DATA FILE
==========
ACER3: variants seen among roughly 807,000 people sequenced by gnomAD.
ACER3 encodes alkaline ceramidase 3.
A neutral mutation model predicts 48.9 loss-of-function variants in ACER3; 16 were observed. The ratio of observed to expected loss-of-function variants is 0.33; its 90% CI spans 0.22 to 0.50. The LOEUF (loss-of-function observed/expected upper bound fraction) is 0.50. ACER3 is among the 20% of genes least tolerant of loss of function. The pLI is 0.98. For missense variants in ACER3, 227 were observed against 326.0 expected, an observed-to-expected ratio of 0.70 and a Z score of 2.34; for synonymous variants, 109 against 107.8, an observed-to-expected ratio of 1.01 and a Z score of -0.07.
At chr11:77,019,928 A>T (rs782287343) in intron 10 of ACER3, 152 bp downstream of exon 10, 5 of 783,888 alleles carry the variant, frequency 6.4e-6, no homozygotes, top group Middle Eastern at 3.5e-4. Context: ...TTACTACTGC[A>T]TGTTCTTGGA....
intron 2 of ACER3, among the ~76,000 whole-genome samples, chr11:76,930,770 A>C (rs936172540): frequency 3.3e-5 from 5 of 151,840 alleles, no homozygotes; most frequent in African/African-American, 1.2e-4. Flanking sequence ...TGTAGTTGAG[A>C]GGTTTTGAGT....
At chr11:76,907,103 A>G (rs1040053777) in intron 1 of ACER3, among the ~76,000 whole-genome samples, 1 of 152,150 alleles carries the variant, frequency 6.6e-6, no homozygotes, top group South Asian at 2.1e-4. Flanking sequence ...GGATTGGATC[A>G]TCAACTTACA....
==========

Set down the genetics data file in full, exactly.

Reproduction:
ACER3: variants seen among roughly 807,000 people sequenced by gnomAD.
ACER3 encodes alkaline ceramidase 3.
A neutral mutation model predicts 48.9 loss-of-function variants in ACER3; 16 were observed. The ratio of observed to expected loss-of-function variants is 0.33; its 90% CI spans 0.22 to 0.50. The LOEUF (loss-of-function observed/expected upper bound fraction) is 0.50. ACER3 is among the 20% of genes least tolerant of loss of function. The pLI is 0.98. For missense variants in ACER3, 227 were observed against 326.0 expected, an observed-to-expected ratio of 0.70 and a Z score of 2.34; for synonymous variants, 109 against 107.8, an observed-to-expected ratio of 1.01 and a Z score of -0.07.
At chr11:77,019,928 A>T (rs782287343) in intron 10 of ACER3, 152 bp downstream of exon 10, 5 of 783,888 alleles carry the variant, frequency 6.4e-6, no homozygotes, top group Middle Eastern at 3.5e-4. Context: ...TTACTACTGC[A>T]TGTTCTTGGA....
intron 2 of ACER3, among the ~76,000 whole-genome samples, chr11:76,930,770 A>C (rs936172540): frequency 3.3e-5 from 5 of 151,840 alleles, no homozygotes; most frequent in African/African-American, 1.2e-4. Flanking sequence ...TGTAGTTGAG[A>C]GGTTTTGAGT....
At chr11:76,907,103 A>G (rs1040053777) in intron 1 of ACER3, among the ~76,000 whole-genome samples, 1 of 152,150 alleles carries the variant, frequency 6.6e-6, no homozygotes, top group South Asian at 2.1e-4. Flanking sequence ...GGATTGGATC[A>G]TCAACTTACA....